delightW

The original pilgrims’ decision to separate church and state was the first time that a society put practicality above its supernatural beliefs—at least publicly. You have to remember, back then, they still believed in a monarch’s ‘divine right’ to a throne—entire governments were based as much on religious dogma as on bloodlines. And the colonists still accepted that—they would remain loyal to the crown—even if they couldn’t decide on exactly which divinity was granting the right. That whole Revolutionary War stuff would come a hundred years later—America has always been more about getting on with life without letting religious nonsense cause trouble, than it has ever been about freedom or democracy. Indeed, you can’t have either of those things until you chuck religion, anyway.

delightr

Religion is okay for kids, and it’s okay for people to believe something in their hearts—but our important decisions should never concern themselves with anything other than justice and fairness and kindness, no matter how many people believe in stuff they can’t see. That’s what separation of church and state is all about. Those Christians who wish to drive a religious wedge into American politics and government are just as dangerous as ISIL—perhaps more so, in the long run. And right-wingers who wish to lay off all gun violence on the mentally ill should take a look at ISIL’s behavior—and ask themselves, “Are these Muslims, or are these just sociopaths using religion to cover their troublemaking?”

delightX

Millions of people live their lives, going to church on Sunday, but not basing their lifestyle on their afterlife—they accept religion in its rightful place and leave the rest until they have more evidence—a sensible approach. But some would have us all join them in their conviction that all life is just a journey towards an afterlife, with very specific rules—some will even go further, convinced that the world will end on a specific date—then the afterlife, as if the end of the world is just a feature. And religion doesn’t have to worry about charges of false advertising, because no one comes back to complain—of any religion, by the way—so we can assume that all are satisfied customers, regardless of faith. End-of-Days people have had their embarrassments, it’s true—but it is the nature of religion that most of these people just pick a new date and carry on.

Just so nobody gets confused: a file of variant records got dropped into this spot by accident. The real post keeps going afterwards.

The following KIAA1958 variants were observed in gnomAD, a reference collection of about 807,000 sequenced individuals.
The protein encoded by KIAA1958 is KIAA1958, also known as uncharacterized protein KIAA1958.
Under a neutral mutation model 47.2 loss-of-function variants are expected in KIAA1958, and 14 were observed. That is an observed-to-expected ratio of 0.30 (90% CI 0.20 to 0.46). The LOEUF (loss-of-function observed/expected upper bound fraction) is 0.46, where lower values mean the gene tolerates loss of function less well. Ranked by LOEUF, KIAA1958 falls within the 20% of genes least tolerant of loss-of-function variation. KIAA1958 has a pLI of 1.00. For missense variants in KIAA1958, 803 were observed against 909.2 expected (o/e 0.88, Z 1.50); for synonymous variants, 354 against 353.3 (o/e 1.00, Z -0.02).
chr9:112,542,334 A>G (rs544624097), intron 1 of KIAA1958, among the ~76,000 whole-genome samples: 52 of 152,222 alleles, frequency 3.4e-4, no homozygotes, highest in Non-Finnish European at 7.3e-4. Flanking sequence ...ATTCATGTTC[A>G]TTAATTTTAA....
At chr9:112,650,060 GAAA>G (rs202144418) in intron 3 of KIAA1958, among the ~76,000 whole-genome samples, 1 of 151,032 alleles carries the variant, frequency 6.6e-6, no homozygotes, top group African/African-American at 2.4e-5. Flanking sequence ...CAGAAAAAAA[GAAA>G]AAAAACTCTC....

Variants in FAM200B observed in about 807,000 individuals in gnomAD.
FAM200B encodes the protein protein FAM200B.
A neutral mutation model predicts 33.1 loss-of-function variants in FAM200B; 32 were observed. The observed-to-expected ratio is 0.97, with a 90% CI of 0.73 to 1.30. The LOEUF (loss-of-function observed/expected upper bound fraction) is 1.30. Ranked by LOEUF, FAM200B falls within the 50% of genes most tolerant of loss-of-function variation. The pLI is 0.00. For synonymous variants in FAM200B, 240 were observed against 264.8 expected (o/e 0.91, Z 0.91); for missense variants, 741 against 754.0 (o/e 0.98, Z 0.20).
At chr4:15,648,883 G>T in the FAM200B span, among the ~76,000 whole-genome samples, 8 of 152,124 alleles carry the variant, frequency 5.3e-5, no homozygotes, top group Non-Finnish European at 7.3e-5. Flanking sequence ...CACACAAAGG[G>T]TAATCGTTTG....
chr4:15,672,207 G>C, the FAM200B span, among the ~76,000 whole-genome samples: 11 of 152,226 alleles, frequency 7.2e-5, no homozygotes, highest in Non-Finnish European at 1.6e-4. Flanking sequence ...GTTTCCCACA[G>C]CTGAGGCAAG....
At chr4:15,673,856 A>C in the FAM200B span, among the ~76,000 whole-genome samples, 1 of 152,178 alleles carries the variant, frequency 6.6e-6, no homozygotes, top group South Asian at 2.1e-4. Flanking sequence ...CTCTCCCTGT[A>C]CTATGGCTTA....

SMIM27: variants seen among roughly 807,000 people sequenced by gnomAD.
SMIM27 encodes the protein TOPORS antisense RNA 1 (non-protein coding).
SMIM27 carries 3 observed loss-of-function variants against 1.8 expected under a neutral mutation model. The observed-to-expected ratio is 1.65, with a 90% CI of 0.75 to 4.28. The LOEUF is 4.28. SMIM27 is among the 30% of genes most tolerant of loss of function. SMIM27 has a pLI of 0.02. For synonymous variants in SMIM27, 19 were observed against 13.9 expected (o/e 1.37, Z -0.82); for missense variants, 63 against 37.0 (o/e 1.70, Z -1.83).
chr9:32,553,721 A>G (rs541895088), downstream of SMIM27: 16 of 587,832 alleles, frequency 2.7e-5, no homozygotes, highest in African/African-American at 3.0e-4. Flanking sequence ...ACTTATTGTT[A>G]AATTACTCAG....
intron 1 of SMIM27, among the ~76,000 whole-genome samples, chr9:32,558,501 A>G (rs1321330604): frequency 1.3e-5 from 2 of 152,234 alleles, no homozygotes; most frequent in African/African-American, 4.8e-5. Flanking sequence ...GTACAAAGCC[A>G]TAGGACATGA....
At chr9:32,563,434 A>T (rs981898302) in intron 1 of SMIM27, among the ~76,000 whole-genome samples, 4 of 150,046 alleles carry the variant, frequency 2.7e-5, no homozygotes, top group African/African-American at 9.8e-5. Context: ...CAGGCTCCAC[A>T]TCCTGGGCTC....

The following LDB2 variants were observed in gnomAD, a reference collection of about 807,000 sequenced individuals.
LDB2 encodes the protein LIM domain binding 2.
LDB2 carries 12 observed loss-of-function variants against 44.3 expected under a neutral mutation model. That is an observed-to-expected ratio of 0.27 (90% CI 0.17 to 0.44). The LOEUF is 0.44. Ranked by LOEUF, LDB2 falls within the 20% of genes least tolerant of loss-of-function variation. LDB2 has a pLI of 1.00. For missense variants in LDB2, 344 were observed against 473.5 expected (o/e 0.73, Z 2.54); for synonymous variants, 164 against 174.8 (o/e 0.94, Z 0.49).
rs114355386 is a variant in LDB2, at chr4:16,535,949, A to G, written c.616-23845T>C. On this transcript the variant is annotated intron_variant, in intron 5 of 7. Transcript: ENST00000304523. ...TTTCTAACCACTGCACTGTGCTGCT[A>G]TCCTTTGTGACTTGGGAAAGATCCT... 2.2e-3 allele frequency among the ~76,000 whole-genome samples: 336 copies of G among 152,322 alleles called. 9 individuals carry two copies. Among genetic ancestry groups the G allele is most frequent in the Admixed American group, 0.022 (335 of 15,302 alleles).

delightd

Now these beliefs are beautiful and strange—I would never resent anyone investing their interior life with such exoticism—but there is a bullying quality to evangelism, to caliphate-building, to confessions and shaming, to exclusion, regimentation and dogma—these are the signs of someone using religion for self-aggrandizement—and I really don’t see how people fail to see through their bullshit. So—religion—good stuff—but keep it to yourself, please—and don’t go terrorist, whatever your faith.

delightU

A final question—since it was reported yesterday that this year’s mass shootings outnumber the days in the year, giving an average of more than one mass shooting per day. Where are all the stories of the brave, armed-for-self-defense Americans that fired back at these crazed gunmen? If we need guns for self-defense, why are none of these victims defending themselves? Is it because only the nut-jobs feel the need to carry weapons? Is it because we don’t live in the Wild Goddamned West anymore—and the average American prefers not to carry a gun?

delightT

Hieronymus Bosch did all these religious paintings, by the way–anyone want to debate me on that point about the connection between fundamentalism and mental imbalance?